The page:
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The book says it is $E_0\pi r^2$ because the flux through the circle is equal to the curved part of the paraboloid.

I don't understand this, shouldn't the total flux be 0 for the whole surface? IN fact, since the E field is constant, then the flux must also be 0.

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Be careful here.

Gauss's law tells you that the flux through the (whole) closed surface is proportional to the enclosed charge and therefore zero in this case.

That's one fact.

The second fact is that you have a constant electric field in this region of space, and that means that the flux through the circular end-cap (which is not a closed surface) is $E_0\pi r^2$.

Now we put the two facts together, the combination of the end-cap plus the parabaloid is a closed surface, which means that (because the flux through the end cap is pointed in and is therefore negative) we get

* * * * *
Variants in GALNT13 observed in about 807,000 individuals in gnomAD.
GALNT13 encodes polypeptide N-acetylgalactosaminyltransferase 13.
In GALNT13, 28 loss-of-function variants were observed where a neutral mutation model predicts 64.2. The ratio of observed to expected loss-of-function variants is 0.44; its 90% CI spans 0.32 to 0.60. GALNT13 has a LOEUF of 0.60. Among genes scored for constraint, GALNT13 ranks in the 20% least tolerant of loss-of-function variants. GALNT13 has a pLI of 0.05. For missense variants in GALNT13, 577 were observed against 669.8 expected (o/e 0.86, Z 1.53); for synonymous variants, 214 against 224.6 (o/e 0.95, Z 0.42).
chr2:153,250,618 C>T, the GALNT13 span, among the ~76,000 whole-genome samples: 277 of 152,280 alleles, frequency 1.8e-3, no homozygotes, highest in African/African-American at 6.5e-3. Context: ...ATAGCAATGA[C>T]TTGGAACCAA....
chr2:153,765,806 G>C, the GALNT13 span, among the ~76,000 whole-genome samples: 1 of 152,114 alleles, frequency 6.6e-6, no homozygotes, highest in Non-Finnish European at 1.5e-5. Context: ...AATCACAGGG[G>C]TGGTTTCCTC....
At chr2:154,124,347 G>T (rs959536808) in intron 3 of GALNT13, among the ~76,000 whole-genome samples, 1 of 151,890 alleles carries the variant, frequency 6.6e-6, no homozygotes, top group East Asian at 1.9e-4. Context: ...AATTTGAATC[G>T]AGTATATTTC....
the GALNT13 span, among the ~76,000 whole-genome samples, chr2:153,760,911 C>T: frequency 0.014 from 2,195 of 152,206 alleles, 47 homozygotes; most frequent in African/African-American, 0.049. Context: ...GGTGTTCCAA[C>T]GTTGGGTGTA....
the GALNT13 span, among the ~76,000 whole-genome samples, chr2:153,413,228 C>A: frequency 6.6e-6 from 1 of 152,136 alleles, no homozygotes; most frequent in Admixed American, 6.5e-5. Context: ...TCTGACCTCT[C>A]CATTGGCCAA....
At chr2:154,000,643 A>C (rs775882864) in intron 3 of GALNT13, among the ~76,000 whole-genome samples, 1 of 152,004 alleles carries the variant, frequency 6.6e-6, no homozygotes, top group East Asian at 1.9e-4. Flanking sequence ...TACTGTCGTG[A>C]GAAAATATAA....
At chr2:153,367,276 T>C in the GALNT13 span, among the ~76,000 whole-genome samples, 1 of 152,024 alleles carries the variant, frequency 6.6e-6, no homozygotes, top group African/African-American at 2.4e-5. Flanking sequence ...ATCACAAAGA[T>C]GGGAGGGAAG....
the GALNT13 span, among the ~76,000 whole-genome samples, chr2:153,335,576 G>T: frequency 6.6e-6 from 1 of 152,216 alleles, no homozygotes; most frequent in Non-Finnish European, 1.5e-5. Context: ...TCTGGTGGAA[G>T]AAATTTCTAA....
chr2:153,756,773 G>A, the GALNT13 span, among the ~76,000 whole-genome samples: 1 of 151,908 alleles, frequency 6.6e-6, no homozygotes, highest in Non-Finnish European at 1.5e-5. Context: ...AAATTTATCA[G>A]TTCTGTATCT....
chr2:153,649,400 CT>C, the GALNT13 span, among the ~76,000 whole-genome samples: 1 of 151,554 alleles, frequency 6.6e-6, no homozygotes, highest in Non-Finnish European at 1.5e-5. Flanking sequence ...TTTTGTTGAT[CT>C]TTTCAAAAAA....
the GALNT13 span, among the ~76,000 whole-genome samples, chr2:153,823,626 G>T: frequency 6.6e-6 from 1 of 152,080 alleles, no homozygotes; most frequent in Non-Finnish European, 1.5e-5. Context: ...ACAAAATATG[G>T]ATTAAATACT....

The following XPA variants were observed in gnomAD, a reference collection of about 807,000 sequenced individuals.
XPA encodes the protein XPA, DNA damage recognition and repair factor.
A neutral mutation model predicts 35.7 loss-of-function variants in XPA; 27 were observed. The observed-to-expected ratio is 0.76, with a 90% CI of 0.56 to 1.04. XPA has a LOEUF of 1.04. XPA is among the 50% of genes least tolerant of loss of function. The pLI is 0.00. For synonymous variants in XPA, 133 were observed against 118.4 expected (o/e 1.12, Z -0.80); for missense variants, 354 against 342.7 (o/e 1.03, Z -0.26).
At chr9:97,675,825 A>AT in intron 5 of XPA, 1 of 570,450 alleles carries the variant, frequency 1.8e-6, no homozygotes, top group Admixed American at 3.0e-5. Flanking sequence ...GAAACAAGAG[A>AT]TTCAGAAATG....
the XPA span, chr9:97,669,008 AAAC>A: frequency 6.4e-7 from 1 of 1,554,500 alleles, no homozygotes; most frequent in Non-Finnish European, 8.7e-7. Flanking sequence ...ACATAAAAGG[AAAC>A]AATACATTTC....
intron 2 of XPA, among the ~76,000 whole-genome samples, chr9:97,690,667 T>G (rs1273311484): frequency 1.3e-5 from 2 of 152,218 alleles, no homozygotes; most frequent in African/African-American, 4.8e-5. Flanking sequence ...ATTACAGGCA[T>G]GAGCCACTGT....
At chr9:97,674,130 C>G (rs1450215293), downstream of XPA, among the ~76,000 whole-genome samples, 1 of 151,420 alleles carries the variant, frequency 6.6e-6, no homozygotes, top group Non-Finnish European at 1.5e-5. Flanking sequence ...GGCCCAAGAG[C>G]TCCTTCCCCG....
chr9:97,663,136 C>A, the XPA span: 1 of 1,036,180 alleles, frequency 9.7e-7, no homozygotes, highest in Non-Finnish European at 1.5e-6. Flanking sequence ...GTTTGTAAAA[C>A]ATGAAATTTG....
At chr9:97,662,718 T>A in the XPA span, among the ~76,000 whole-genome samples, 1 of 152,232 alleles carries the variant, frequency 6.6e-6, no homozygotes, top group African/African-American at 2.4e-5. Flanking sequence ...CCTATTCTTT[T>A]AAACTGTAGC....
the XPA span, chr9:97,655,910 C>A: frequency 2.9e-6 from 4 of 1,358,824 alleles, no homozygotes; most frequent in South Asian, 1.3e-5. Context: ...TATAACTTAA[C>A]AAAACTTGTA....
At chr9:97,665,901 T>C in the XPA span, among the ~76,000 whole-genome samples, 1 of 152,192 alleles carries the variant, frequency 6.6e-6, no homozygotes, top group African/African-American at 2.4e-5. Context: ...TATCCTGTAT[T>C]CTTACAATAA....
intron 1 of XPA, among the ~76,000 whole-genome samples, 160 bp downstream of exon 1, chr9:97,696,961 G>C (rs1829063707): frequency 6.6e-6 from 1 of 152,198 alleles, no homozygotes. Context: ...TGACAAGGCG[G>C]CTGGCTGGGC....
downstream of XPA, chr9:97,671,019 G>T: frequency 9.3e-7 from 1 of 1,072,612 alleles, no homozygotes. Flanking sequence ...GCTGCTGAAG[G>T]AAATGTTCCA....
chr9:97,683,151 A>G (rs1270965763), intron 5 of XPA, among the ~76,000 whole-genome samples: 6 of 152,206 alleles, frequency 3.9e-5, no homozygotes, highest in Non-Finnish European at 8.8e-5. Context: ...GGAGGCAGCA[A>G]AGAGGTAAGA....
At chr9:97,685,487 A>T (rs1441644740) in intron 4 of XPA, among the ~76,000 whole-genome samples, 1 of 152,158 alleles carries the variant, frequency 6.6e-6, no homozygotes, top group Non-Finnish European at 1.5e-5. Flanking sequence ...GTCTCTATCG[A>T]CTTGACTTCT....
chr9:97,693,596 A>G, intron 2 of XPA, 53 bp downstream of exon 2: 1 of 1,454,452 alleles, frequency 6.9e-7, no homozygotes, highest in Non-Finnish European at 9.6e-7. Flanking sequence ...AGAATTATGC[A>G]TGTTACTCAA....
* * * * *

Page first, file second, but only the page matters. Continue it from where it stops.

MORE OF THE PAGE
$$ 0 = \mathcal{F}_\text{end-cap} + \mathcal{F}_\text{parabaloid} = - E_0 \pi r^2 + \mathcal{F}_\text{parabaloid} $$

or, if we re-arrange things

$$ \mathcal{F}_\text{parabaloid} = E_0 \pi r^2 . $$

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For some reason I thought the "closed paraboloid" is a paraboloid... –  sidht Apr 30 '12 at 0:25
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Ah. Getting used to the way the textbook authors write things will help. Even now we're being a little sloppy, because in principle "the paraboloid" is the full infinite locus and the bit we have here ought be be "the truncated paraboloid" or perhaps "the segment of a paraboloid shown". –  dmckee Apr 30 '12 at 0:37
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A closed surface such as this one can be thought of two open surfaces. One open surface is the circular disk. The other open surface is the paraboloid. So think of the total flux as the flux through the circular disk plus the flux through the paraboloid, remembering that the total flux must be zero.

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